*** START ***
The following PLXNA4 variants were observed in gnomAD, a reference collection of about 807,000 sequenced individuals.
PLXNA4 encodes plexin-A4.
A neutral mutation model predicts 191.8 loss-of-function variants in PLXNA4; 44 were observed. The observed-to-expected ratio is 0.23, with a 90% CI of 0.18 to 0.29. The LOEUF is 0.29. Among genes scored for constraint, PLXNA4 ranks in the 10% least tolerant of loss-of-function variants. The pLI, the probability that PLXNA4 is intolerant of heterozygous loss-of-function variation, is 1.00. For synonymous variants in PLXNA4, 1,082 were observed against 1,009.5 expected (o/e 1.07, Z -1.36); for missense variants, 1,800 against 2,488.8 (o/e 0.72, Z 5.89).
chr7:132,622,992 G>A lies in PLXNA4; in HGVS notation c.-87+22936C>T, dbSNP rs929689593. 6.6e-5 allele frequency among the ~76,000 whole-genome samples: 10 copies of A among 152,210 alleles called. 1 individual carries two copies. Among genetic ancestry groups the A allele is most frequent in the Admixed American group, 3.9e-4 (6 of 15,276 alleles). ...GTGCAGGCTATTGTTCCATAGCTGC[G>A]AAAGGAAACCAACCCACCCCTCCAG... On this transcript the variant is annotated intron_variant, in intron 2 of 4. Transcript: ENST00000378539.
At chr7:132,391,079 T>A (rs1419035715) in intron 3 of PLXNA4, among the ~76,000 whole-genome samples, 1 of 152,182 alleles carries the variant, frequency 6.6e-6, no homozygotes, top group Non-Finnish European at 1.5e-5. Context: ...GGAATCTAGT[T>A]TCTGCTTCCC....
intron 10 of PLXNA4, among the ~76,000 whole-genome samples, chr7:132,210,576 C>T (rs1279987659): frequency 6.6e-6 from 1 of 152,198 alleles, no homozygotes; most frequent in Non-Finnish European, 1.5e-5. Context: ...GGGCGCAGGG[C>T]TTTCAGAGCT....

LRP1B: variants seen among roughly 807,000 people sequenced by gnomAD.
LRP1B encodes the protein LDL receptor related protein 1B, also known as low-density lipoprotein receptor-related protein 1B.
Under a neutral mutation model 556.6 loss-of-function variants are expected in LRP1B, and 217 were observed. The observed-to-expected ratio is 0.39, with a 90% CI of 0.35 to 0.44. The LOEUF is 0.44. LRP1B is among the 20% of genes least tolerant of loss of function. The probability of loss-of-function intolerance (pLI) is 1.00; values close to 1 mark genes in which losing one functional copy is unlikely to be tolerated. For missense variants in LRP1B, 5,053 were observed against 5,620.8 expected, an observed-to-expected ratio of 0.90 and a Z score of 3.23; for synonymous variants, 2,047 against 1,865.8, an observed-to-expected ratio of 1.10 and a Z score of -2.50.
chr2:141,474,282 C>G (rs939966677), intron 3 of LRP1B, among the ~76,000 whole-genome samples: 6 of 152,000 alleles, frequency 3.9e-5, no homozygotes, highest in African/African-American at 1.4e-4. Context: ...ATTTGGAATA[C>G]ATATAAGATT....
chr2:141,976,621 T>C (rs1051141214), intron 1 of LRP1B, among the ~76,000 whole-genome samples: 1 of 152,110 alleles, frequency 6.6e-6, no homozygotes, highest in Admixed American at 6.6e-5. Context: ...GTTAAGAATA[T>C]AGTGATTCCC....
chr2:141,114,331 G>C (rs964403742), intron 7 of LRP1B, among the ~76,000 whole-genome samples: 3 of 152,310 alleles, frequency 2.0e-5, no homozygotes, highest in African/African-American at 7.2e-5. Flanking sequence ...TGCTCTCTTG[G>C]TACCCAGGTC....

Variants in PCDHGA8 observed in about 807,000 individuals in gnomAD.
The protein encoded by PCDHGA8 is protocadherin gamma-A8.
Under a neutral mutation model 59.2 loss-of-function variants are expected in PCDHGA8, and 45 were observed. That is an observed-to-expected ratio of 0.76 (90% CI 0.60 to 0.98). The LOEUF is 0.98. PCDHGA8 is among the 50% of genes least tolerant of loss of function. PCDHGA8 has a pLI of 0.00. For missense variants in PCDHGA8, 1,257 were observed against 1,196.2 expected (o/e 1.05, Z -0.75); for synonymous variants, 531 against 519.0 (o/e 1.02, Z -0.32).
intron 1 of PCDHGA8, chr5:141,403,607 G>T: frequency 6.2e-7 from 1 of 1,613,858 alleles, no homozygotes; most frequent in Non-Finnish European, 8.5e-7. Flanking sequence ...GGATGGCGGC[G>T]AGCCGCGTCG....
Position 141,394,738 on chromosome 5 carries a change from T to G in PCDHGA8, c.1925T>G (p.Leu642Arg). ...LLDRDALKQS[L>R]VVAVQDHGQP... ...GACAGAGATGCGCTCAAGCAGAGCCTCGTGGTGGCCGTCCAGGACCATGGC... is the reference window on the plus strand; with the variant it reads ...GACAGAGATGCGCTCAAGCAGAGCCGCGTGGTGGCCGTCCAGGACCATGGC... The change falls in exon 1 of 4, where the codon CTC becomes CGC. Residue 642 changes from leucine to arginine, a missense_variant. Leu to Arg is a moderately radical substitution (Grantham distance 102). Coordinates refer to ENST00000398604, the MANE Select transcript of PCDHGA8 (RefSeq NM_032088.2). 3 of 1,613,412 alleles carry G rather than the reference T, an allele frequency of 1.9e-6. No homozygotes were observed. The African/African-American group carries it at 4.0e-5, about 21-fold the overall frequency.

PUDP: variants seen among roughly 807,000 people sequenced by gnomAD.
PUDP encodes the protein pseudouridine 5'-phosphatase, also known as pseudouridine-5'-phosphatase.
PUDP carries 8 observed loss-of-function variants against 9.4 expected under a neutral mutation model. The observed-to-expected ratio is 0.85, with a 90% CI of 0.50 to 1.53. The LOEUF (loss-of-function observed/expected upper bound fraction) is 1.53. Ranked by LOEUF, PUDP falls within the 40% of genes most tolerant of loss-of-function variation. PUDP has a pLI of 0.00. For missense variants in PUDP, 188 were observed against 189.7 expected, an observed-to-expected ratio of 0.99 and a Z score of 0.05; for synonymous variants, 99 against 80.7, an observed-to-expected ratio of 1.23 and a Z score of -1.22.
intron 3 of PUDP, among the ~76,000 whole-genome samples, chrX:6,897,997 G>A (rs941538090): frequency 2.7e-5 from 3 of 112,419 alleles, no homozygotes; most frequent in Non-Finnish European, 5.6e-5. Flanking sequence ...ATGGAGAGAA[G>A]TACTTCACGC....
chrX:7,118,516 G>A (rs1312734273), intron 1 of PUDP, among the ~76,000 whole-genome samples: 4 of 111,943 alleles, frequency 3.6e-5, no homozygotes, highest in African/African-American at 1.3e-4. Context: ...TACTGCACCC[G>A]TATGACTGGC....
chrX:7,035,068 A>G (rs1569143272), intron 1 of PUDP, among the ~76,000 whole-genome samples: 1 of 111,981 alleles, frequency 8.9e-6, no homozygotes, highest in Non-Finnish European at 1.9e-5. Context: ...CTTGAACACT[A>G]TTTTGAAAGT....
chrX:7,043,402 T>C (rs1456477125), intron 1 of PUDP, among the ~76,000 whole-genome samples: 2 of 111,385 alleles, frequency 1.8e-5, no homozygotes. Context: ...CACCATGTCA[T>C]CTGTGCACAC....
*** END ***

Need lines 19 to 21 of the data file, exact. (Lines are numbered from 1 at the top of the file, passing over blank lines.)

PUDP encodes the protein pseudouridine 5'-phosphatase, also known as pseudouridine-5'-phosphatase.
PUDP carries 8 observed loss-of-function variants against 9.4 expected under a neutral mutation model. The observed-to-expected ratio is 0.85, with a 90% CI of 0.50 to 1.53. The LOEUF (loss-of-function observed/expected upper bound fraction) is 1.53. Ranked by LOEUF, PUDP falls within the 40% of genes most tolerant of loss-of-function variation. PUDP has a pLI of 0.00. For missense variants in PUDP, 188 were observed against 189.7 expected, an observed-to-expected ratio of 0.99 and a Z score of 0.05; for synonymous variants, 99 against 80.7, an observed-to-expected ratio of 1.23 and a Z score of -1.22.
intron 3 of PUDP, among the ~76,000 whole-genome samples, chrX:6,897,997 G>A (rs941538090): frequency 2.7e-5 from 3 of 112,419 alleles, no homozygotes; most frequent in Non-Finnish European, 5.6e-5. Flanking sequence ...ATGGAGAGAA[G>A]TACTTCACGC....